This is my Grandpa. He died when I was 8 after a protracted battle with multiple myeloma. He used to give us horsey rides, even when the cancer had eroded all the padding between his vertebrae. I don’t think even now I can fully comprehend the magnitude of his sacrifice. And he never stopped smiling. Also, for the record I would still totally wear that outfit. And I think my little brother should also still have a bowl cut. Little kids make everything cute!
It was a rough weekend. Part of it is some normal-but-intense life stress going on. Part of it is me still being off my meds and while I keep thinking I can be “strong” and keep going without them, I’m beginning to realize that strength has very little to do with this and stupidity possibly a lot. But the worst part of all of this medication stuff is this: I can’t tell when I’m crazy. Those of you who have never been nuts probably don’t understand this but it’s really hard to see from the inside because, well, it all feels legit. You still feel your feelings, no matter where they come from. So tonight I did something that gives me some self insight when I seem to be lacking it – I read my journal. I keep an offline pen-and-paper journal (I have a thing for cute little notebooks!) but you might have also noticed a whole category of posts on here tagged as “personal essays” and these are mainly just journal entries that I post on here because, well, that’s what I do.
Anyhow, I came across this 2-year-old essay tonight and it was beautiful to be reminded of a wisdom I already have (and you have as well): the wisdom of others. Sometimes we do the carrying. And there is much pride in being strong for others. But sometimes we have to let ourselves be carried. And we should take no less pride in admitting our weakness than we do in sharing our strengths – because both come from the same place, two sides of the same coin. It isn’t, as the cliche goes, “make it or break it” but rather the things that break us are also the things that make us. If we let them.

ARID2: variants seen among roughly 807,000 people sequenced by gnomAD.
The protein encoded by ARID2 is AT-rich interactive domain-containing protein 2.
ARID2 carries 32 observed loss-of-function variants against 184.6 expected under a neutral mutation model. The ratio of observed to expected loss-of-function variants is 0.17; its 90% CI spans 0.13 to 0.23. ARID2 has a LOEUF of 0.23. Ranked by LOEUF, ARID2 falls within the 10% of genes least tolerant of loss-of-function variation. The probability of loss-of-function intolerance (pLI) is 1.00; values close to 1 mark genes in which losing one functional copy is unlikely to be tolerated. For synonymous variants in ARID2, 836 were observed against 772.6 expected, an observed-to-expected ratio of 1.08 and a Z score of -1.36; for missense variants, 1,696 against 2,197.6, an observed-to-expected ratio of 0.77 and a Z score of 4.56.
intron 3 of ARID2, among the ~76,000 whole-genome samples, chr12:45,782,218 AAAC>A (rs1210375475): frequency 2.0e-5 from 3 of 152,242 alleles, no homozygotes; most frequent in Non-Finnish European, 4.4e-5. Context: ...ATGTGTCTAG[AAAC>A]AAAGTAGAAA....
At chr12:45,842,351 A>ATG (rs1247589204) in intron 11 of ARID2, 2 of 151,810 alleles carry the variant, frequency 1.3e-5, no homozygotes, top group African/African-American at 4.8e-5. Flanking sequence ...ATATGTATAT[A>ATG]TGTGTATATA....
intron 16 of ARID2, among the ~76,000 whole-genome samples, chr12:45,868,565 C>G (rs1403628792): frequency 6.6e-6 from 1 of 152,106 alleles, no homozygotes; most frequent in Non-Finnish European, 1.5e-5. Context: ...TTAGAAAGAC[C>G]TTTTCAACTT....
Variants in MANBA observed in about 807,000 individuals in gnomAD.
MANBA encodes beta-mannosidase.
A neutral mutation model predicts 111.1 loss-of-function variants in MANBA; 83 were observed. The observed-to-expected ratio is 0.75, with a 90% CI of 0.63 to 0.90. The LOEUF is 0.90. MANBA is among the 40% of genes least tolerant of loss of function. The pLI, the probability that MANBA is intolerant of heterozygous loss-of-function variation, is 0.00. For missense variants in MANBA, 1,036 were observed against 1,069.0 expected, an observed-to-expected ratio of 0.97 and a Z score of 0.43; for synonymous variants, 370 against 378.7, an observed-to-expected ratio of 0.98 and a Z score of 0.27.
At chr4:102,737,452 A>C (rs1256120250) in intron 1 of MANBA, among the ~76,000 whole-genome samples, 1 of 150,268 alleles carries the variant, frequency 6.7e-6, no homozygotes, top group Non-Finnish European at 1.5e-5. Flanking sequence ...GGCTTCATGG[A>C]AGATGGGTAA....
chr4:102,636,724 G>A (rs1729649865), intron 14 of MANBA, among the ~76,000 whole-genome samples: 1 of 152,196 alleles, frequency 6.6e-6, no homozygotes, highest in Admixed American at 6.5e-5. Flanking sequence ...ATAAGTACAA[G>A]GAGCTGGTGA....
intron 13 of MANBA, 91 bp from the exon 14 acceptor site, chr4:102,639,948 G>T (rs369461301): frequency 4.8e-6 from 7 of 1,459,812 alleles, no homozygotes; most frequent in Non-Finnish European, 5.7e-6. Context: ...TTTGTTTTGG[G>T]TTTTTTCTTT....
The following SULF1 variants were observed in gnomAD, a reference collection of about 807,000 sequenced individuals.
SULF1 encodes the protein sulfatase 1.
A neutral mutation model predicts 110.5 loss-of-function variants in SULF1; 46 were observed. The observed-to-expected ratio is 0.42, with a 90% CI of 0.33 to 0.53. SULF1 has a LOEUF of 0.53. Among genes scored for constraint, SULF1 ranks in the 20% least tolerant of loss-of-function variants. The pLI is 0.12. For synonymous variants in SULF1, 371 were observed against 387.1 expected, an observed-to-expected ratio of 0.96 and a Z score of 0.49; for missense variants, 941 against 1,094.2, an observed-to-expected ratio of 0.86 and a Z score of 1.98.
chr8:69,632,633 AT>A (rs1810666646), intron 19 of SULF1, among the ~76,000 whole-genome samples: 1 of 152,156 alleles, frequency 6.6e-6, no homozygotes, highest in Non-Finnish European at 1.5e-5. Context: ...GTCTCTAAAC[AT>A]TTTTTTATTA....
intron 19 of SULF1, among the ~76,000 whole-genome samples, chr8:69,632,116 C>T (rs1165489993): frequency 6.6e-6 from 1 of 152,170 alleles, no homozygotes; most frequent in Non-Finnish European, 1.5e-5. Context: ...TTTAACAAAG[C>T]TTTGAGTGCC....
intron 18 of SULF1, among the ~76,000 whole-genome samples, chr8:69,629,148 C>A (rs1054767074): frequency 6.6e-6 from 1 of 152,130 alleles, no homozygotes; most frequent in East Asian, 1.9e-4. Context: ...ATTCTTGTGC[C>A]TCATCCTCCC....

So here’s to old wisdom, going Back To The Arms That Held Me.
Downy duck fluff burrowed into my neck, the soft sigh of newborn breath so slight that I keep one hand lightly on her back to assure it rises and falls in concordance with my own. My other arm cradles her tiny warm body in this bittersweet moment. She is not mine. A dear friend’s infant daughter, she will not remember me. But then do any of us remember the arms that first held us?
My mother carried me inside her. She was a teenage bride and then a teen mom before Teen Mom
was ever considered a fashionable title. I never appreciated the magnitude of her sacrifice until my own first child registered a nine on my Richter scale. I remember, in the midst of the earthquake that was her birth, a newly trained nurse trying to insert an IV into my hand. Despite the fact I have veins to rival Madonna’s garden hoses, she kept missing until she and I were both crying. My mother, a veteran nurse, grabbed the needle out of her hand and gently inserted the IV. Wrapping her arms around me she blocked out the sobbing nurse, the doctor’s taut face, the machines, all the bloody trauma that accompanies the birth of a baby that will never cry
. And when my daughter was finally born – still
– she wrapped her arms around her too.